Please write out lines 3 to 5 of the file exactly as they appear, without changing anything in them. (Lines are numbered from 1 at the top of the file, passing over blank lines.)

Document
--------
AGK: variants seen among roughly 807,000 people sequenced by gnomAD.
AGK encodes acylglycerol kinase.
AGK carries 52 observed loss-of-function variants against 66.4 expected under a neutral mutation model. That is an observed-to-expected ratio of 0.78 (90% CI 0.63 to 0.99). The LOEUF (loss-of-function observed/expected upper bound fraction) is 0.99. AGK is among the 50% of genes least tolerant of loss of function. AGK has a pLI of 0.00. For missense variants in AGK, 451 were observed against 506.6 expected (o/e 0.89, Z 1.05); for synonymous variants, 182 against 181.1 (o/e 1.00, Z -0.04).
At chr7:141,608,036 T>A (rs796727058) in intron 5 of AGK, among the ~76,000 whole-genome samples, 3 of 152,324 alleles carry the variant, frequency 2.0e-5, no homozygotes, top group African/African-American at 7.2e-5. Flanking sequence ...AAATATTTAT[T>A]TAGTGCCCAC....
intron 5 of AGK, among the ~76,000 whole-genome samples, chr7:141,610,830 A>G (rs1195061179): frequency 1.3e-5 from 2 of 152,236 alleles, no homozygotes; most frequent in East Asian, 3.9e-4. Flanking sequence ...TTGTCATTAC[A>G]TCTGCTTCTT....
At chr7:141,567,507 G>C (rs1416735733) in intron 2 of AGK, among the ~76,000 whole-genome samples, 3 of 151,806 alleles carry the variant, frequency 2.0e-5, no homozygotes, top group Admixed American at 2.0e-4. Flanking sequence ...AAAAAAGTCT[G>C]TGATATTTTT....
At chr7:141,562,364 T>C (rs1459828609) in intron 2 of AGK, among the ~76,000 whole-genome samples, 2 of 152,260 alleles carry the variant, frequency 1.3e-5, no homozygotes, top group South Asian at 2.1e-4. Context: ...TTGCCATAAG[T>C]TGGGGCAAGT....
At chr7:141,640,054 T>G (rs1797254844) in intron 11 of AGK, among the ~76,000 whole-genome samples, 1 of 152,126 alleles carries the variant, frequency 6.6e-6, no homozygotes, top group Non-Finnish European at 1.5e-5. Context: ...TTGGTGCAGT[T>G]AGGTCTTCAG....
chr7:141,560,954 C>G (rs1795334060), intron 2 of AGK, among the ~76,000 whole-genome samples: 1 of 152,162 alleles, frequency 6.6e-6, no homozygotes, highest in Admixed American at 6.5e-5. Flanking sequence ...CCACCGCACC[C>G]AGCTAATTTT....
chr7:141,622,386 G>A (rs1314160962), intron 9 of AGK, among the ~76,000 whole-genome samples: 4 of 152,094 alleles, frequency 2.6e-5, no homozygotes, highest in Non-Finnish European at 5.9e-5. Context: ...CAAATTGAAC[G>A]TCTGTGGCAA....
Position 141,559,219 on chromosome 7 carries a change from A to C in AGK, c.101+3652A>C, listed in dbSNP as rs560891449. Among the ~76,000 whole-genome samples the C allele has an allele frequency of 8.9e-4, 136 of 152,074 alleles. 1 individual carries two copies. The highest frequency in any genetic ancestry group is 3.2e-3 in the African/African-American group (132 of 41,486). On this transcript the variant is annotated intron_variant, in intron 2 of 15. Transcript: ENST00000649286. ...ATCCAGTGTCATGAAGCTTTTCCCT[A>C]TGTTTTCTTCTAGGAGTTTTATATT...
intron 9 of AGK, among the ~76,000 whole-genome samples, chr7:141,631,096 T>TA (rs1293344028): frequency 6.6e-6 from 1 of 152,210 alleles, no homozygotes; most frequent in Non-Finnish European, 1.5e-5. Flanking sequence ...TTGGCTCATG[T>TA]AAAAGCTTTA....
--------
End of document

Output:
AGK carries 52 observed loss-of-function variants against 66.4 expected under a neutral mutation model. That is an observed-to-expected ratio of 0.78 (90% CI 0.63 to 0.99). The LOEUF (loss-of-function observed/expected upper bound fraction) is 0.99. AGK is among the 50% of genes least tolerant of loss of function. AGK has a pLI of 0.00. For missense variants in AGK, 451 were observed against 506.6 expected (o/e 0.89, Z 1.05); for synonymous variants, 182 against 181.1 (o/e 1.00, Z -0.04).
At chr7:141,608,036 T>A (rs796727058) in intron 5 of AGK, among the ~76,000 whole-genome samples, 3 of 152,324 alleles carry the variant, frequency 2.0e-5, no homozygotes, top group African/African-American at 7.2e-5. Flanking sequence ...AAATATTTAT[T>A]TAGTGCCCAC....
intron 5 of AGK, among the ~76,000 whole-genome samples, chr7:141,610,830 A>G (rs1195061179): frequency 1.3e-5 from 2 of 152,236 alleles, no homozygotes; most frequent in East Asian, 3.9e-4. Flanking sequence ...TTGTCATTAC[A>G]TCTGCTTCTT....